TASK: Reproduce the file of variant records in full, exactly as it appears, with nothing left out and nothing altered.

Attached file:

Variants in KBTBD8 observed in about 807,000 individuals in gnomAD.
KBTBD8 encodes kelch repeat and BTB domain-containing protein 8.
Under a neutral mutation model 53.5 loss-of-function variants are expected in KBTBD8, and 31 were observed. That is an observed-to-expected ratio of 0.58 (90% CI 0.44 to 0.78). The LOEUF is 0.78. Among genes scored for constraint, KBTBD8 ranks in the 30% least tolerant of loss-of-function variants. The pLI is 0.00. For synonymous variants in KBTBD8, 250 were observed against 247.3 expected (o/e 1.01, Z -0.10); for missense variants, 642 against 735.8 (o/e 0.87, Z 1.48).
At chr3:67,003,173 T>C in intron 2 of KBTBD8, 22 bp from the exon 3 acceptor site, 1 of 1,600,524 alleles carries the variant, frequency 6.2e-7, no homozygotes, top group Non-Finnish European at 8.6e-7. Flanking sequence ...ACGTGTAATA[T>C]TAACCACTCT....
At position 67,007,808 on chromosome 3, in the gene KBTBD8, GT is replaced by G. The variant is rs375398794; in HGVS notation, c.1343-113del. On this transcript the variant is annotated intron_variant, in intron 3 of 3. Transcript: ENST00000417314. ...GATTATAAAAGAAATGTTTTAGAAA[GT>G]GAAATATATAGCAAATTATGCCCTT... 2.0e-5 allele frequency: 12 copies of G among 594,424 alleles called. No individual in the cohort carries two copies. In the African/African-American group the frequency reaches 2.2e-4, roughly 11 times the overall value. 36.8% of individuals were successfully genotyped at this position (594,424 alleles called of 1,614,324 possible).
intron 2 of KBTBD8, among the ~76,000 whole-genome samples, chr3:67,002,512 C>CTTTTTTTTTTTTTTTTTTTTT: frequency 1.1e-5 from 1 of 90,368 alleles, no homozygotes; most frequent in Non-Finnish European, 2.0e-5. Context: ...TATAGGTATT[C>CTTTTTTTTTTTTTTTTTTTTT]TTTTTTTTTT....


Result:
Variants in KBTBD8 observed in about 807,000 individuals in gnomAD.
KBTBD8 encodes kelch repeat and BTB domain-containing protein 8.
Under a neutral mutation model 53.5 loss-of-function variants are expected in KBTBD8, and 31 were observed. That is an observed-to-expected ratio of 0.58 (90% CI 0.44 to 0.78). The LOEUF is 0.78. Among genes scored for constraint, KBTBD8 ranks in the 30% least tolerant of loss-of-function variants. The pLI is 0.00. For synonymous variants in KBTBD8, 250 were observed against 247.3 expected (o/e 1.01, Z -0.10); for missense variants, 642 against 735.8 (o/e 0.87, Z 1.48).
At chr3:67,003,173 T>C in intron 2 of KBTBD8, 22 bp from the exon 3 acceptor site, 1 of 1,600,524 alleles carries the variant, frequency 6.2e-7, no homozygotes, top group Non-Finnish European at 8.6e-7. Flanking sequence ...ACGTGTAATA[T>C]TAACCACTCT....
At position 67,007,808 on chromosome 3, in the gene KBTBD8, GT is replaced by G. The variant is rs375398794; in HGVS notation, c.1343-113del. On this transcript the variant is annotated intron_variant, in intron 3 of 3. Transcript: ENST00000417314. ...GATTATAAAAGAAATGTTTTAGAAA[GT>G]GAAATATATAGCAAATTATGCCCTT... 2.0e-5 allele frequency: 12 copies of G among 594,424 alleles called. No individual in the cohort carries two copies. In the African/African-American group the frequency reaches 2.2e-4, roughly 11 times the overall value. 36.8% of individuals were successfully genotyped at this position (594,424 alleles called of 1,614,324 possible).
intron 2 of KBTBD8, among the ~76,000 whole-genome samples, chr3:67,002,512 C>CTTTTTTTTTTTTTTTTTTTTT: frequency 1.1e-5 from 1 of 90,368 alleles, no homozygotes; most frequent in Non-Finnish European, 2.0e-5. Context: ...TATAGGTATT[C>CTTTTTTTTTTTTTTTTTTTTT]TTTTTTTTTT....